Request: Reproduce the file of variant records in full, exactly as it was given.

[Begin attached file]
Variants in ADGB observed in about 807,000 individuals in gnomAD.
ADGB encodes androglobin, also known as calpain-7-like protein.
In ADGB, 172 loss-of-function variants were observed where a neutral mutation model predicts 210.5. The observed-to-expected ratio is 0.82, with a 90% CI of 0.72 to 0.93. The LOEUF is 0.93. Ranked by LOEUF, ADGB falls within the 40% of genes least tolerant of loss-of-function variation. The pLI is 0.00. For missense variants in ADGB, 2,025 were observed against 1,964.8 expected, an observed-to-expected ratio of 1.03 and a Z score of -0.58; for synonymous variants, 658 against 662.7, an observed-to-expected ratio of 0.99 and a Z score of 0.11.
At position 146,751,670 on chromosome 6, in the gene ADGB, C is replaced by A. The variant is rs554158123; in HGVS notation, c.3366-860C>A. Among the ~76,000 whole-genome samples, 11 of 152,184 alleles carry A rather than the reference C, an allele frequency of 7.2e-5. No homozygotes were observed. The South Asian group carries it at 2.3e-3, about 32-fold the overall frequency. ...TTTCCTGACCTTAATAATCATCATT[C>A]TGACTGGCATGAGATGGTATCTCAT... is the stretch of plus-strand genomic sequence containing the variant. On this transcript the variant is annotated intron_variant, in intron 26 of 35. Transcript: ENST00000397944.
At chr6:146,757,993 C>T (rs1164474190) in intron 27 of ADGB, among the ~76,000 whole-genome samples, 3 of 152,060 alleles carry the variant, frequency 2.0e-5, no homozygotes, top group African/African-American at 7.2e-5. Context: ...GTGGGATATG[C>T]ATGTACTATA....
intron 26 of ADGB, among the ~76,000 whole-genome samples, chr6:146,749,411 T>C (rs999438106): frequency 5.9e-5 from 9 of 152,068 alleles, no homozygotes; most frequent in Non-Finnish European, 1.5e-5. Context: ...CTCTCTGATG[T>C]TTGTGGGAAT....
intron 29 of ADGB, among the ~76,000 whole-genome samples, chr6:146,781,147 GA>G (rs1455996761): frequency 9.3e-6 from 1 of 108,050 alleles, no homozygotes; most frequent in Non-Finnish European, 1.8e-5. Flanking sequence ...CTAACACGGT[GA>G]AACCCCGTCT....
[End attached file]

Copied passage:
Variants in ADGB observed in about 807,000 individuals in gnomAD.
ADGB encodes androglobin, also known as calpain-7-like protein.
In ADGB, 172 loss-of-function variants were observed where a neutral mutation model predicts 210.5. The observed-to-expected ratio is 0.82, with a 90% CI of 0.72 to 0.93. The LOEUF is 0.93. Ranked by LOEUF, ADGB falls within the 40% of genes least tolerant of loss-of-function variation. The pLI is 0.00. For missense variants in ADGB, 2,025 were observed against 1,964.8 expected, an observed-to-expected ratio of 1.03 and a Z score of -0.58; for synonymous variants, 658 against 662.7, an observed-to-expected ratio of 0.99 and a Z score of 0.11.
At position 146,751,670 on chromosome 6, in the gene ADGB, C is replaced by A. The variant is rs554158123; in HGVS notation, c.3366-860C>A. Among the ~76,000 whole-genome samples, 11 of 152,184 alleles carry A rather than the reference C, an allele frequency of 7.2e-5. No homozygotes were observed. The South Asian group carries it at 2.3e-3, about 32-fold the overall frequency. ...TTTCCTGACCTTAATAATCATCATT[C>A]TGACTGGCATGAGATGGTATCTCAT... is the stretch of plus-strand genomic sequence containing the variant. On this transcript the variant is annotated intron_variant, in intron 26 of 35. Transcript: ENST00000397944.
At chr6:146,757,993 C>T (rs1164474190) in intron 27 of ADGB, among the ~76,000 whole-genome samples, 3 of 152,060 alleles carry the variant, frequency 2.0e-5, no homozygotes, top group African/African-American at 7.2e-5. Context: ...GTGGGATATG[C>T]ATGTACTATA....
intron 26 of ADGB, among the ~76,000 whole-genome samples, chr6:146,749,411 T>C (rs999438106): frequency 5.9e-5 from 9 of 152,068 alleles, no homozygotes; most frequent in Non-Finnish European, 1.5e-5. Context: ...CTCTCTGATG[T>C]TTGTGGGAAT....
intron 29 of ADGB, among the ~76,000 whole-genome samples, chr6:146,781,147 GA>G (rs1455996761): frequency 9.3e-6 from 1 of 108,050 alleles, no homozygotes; most frequent in Non-Finnish European, 1.8e-5. Flanking sequence ...CTAACACGGT[GA>G]AACCCCGTCT....